The Calcutta High Court division bench comprising justices Arijit Banerjee and B Pattanayak granted bail to BJP leader Rakesh Singh, who was arrested by the Kolkata police in connection with a drug-related case.
The Kolkata Police arrested Rakesh Singh on February 23 in connection with his alleged involvement in a drug recovery case.
While granting bail the Court noted that nothing was recovered from the person of the petitioner or any place over which the petitioner had exclusive control. However, the Court also noted that under Section 37 of NDPS Act, mere non-recovery of contraband from a person’s possession may not dilute the rigours. Further that only 76 gms of cocaine was found the rigours of Section 37 of the NDPS Act relating to grant of bail according to Sami Ullaha v. Superintendent, Narcotic Central Bureau.
The Court further noted that, “there cannot be any doubt that persons indulging in illegal trafficking in contraband drugs and psychotropic substances must be dealt with, with iron hands. The activities of such persons have a widespread deleterious effect on the society at large. Countless members of the society, often of tender age, fall prey to the heinous and nefarious activities of drug peddlers.”
However, in the present case, the Court is of view that Mr. Singh “may not have committed the offence that he is charged with. Further, considering the past history of the petitioner which we have adverted to above, there is nothing on record to suggest that he is likely to commit an offence under the NDPS Act while on bail.”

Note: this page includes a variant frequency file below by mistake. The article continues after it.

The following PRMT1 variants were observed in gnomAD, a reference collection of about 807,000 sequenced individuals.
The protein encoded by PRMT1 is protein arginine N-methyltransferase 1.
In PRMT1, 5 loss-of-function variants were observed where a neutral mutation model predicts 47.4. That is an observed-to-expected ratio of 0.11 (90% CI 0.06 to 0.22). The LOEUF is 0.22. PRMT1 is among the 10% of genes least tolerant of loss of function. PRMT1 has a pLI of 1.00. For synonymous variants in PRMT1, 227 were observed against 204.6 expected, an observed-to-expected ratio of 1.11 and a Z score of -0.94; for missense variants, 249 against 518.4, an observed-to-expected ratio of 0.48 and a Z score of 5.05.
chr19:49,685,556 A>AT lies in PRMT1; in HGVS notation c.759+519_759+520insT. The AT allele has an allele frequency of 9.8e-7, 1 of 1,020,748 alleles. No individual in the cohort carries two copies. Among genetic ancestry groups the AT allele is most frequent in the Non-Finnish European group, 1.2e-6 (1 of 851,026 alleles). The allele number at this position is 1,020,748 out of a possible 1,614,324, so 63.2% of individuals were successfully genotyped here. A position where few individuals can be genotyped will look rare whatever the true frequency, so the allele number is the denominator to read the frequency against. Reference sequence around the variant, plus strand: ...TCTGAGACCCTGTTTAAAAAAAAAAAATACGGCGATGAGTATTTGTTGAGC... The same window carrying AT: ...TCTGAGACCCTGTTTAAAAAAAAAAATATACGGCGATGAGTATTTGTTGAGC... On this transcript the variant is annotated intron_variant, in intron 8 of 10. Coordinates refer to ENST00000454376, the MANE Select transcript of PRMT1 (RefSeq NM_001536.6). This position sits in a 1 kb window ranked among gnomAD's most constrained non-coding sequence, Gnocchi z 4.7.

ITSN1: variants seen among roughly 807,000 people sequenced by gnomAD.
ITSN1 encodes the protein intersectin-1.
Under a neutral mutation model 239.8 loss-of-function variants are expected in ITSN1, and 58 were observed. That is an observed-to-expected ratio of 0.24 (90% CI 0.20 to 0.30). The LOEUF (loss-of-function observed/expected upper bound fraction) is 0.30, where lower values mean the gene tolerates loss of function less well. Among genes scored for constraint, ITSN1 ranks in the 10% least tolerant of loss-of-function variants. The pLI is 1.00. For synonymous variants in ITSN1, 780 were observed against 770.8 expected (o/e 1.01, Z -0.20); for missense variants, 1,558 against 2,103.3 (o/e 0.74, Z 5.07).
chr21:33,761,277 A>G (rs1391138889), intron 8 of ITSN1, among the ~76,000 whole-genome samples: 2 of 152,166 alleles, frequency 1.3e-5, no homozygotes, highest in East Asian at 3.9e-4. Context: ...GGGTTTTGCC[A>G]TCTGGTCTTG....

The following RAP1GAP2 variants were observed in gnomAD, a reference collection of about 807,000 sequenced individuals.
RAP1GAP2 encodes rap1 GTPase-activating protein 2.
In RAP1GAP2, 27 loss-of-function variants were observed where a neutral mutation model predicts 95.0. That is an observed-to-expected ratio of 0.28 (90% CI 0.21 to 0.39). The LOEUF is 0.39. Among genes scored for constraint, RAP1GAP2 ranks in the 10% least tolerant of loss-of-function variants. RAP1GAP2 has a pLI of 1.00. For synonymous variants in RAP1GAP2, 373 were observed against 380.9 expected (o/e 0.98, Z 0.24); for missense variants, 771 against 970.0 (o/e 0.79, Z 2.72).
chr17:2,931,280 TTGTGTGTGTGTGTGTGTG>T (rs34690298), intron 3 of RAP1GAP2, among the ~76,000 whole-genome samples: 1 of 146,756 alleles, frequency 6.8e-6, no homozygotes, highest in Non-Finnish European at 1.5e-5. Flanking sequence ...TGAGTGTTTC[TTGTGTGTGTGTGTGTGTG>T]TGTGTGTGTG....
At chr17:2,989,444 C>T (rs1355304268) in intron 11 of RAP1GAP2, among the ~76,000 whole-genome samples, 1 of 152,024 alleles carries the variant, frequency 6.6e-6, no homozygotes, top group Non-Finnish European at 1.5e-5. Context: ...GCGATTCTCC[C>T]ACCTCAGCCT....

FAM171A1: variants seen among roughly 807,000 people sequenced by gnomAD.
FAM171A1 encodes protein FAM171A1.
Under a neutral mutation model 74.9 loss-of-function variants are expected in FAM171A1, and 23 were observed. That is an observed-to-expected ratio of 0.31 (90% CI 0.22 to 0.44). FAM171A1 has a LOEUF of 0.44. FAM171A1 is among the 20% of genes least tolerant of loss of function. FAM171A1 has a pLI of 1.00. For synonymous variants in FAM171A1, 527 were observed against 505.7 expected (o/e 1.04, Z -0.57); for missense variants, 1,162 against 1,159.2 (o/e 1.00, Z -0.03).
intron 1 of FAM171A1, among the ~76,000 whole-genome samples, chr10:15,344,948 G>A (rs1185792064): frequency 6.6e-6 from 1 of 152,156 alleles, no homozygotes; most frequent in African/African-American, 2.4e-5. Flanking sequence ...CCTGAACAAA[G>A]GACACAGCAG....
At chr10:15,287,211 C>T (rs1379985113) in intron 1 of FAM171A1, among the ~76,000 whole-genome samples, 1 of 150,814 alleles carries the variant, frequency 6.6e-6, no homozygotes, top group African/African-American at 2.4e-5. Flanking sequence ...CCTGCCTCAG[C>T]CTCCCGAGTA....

Referring to the charge under Section 27A of the NDPS Act i.e. financing illicit trafficking and harboring offenders levelled against Singh, the Bench opined that prima facie there is no material evidence to support the charge. It was held further that a solitary transaction would not attract the charge under Section 27A of the NDPS Act.
"In our view, being involved in one solitary transaction concerning contraband items will not amount to financing illicit traffic in narcotics. The word "trafficking" connotes continuous flow. There has to be some degree of continuity and regularity in drug dealing before a person can be said to be trafficking in drugs”
The Bench further harped on the fact that Mr. Singh has no history of the petitioner dealing in narcotics in contravention of the provisions of the NDPS Act. Prima facie there is nothing to show that the petitioner has previously violated any of the provisions of the NDPS Act, it was stated further.
Thus, the Court granted bail for an amount of Rs. 50,000 to be by Mr. Singh.
Rakesh Singh v. State of West Bengal
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